Visionary people hidden behind museum masterpieces

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Among the numerous masterpieces that visitors admire at The Getty Museum, one artwork has a particularly overwhelming presence. I'm talking about a monumental painting by Belgian artist James Ensor (1860-1949), Christ's Entry Into Brussels in 1889.

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Christ's Entry into Brussels in 1889, James Ensor. 1888
Image courtesy Getty Museum

Yes, physically speaking, this canvas, at about 8' tall x 14' wide, is the largest painting in the museum's collection. And though it was painted in the late 19th century, "this large, raw, angry painting" (NY Times) feels as if it totally belongs to the 20th century. The small figure of Christ in the center is overwhelmed by a huge crowd, with faces covered by grotesque masks, similar to the masks Ensor's family sold in their shop. With its references to political, religious, and social shenanigans of the time, this painting was controversial from the very beginning. Ensor had a difficult time showing it publicly, and eventually, it ended up in a private collection. In 1987, it was put up for sale, and the Belgian government scandalously was not able or willing to acquire it. As a result, Christ's Entry was acquired by the Getty Museum, thanks to the research and effort of the museum's Curator of Paintings at that time, Myron Laskin (1930-2017).

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Myron Laskin (L) in front of James Ensor's Christ's Entry Into Brussels in 1889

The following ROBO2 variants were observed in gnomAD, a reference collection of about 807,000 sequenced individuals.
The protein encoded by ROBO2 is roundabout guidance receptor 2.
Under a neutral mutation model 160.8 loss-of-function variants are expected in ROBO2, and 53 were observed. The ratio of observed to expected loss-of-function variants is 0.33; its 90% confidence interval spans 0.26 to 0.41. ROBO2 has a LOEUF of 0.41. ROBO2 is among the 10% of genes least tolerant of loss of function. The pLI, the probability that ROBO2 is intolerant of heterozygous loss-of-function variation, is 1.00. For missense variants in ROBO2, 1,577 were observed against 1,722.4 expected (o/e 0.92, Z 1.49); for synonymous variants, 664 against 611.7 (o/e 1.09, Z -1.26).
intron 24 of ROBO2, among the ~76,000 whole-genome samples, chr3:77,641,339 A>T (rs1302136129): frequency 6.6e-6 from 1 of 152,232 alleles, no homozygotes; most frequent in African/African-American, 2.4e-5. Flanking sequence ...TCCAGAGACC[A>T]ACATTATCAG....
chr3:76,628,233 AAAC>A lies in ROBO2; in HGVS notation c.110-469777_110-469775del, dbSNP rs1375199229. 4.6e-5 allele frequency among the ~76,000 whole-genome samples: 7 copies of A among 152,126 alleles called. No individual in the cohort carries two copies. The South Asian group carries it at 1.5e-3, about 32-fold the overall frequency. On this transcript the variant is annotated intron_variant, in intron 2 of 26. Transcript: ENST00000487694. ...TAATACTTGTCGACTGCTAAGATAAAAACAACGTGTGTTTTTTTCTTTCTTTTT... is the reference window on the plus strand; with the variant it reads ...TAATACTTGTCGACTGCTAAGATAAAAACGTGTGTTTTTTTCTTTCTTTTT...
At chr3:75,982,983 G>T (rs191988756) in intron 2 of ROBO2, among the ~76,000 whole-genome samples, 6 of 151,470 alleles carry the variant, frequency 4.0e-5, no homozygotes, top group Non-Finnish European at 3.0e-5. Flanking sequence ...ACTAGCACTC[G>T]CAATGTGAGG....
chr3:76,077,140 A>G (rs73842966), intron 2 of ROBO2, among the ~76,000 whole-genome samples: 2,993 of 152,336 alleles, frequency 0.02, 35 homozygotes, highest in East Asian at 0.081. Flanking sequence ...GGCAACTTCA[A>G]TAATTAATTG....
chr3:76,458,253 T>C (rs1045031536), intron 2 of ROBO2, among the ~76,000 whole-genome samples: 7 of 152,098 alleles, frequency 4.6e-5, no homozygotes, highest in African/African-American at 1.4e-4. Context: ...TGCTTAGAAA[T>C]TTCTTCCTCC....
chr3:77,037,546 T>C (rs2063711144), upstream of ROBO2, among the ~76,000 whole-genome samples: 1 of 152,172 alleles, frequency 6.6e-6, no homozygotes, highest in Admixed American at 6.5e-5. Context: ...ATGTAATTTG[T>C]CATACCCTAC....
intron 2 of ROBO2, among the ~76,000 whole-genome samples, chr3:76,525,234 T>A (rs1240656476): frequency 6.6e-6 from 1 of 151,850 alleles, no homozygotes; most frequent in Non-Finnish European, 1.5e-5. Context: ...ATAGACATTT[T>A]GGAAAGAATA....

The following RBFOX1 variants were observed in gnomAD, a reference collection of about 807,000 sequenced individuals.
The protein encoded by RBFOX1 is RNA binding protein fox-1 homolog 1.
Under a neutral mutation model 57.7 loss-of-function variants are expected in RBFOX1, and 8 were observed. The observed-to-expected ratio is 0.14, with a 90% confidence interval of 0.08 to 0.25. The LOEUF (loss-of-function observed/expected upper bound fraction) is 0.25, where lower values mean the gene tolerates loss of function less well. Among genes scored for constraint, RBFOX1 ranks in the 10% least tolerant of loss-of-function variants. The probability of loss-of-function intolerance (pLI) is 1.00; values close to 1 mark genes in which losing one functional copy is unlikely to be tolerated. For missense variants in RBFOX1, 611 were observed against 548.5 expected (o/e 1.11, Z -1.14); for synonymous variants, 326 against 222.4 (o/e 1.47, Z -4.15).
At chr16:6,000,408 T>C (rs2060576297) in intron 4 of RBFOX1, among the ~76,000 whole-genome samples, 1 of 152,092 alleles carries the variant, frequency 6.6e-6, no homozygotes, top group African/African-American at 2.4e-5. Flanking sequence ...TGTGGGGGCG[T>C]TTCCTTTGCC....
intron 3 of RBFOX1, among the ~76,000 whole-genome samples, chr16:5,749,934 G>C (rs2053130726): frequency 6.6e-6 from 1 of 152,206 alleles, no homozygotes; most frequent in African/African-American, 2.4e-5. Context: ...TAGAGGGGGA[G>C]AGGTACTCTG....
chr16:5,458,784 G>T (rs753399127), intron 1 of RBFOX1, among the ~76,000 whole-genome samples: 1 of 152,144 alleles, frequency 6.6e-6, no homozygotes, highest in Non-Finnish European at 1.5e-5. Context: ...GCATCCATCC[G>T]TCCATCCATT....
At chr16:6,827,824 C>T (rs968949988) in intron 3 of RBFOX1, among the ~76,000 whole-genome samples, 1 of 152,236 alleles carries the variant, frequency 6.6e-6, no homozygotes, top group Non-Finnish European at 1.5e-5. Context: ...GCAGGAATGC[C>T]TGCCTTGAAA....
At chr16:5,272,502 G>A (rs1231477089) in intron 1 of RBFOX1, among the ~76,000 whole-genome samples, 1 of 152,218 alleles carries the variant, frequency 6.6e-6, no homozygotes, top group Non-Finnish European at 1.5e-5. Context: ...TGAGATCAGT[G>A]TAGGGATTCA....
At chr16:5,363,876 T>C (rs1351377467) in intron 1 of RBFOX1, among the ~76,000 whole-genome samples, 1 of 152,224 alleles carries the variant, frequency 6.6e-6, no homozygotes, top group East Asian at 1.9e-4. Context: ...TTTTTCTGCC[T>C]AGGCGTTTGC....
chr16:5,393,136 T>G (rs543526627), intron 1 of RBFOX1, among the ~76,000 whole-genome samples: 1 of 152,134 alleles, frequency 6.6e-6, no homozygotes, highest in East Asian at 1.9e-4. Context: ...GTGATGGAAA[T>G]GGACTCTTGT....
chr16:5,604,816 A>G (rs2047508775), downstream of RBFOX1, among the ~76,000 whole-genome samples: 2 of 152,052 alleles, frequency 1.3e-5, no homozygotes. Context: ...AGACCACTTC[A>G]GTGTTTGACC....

Image courtesy Edward Goldman

Last week, I learned that Myron Laskin had just passed away, at the age of 87. I had the privilege to know him and to learn amazing inside stories about his long and distinguished career, including 16 years as Curator of European Art at the National Gallery of Canada, Ottawa, followed by five years as Curator of Paintings at J. Paul Getty Museum. Once, I brought a group of Collectors to The Getty, and Myron Laskin gave us a tour of all the paintings he had helped the museum to acquire.

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Adoration of the Magi, Andrea Mantegna. 1495-1505
Image courtesy Getty Museum

One of them is an extremely rare and fragile painting by Italian Renaissance artist Andrea Mantegna (1431-1506), Adoration of the Magi. In spite of the fact that it was painted with nondurable distemper on linen, it is in miraculously good shape.

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The Annunciation, Dieric Bouts. 1450-1455
Image Courtesy Getty Museum

Another is an equally important and rare painting, The Annunciation by Netherlandish artist Dieric Bouts (1415-1475). I have to admit that when I stand in front of these religious paintings, I can hear words spoken by all these saintly figures.

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Portrait of Adele Bloch-Bauer, Gustav Klimt. 1907

When the news broke in 2006 that a famous portrait by Gustav Klimt of Adele Bloch-Bauer, known as Golden Adele, had been acquired by Ronald Lauder for $135 million, I got a call from Myron asking if I have a catalog of Klimt's work. Yes, I did. So, he instructed me to open it to the page with an illustration of the very unusual painting by Klimt depicting the full-length profile of a standing naked pregnant woman, Hope I.

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The Hope I, Gustav Klimt. 1903

"Do you know, Edward, that in 1970 I acquired this painting for National Gallery of Canada, Ottawa?" "You did?" I asked him, "For how much?" "For only $125,000." His answer shocked me as much as I believe it might shock you.

So, my friends, every time we admire a great work of art in a museum, let's remember that real people are responsible for finding and bringing it to us. And with that, I want to dedicate this program to the memory of my good friend Myron Laskin.



Benjamin Gottlieb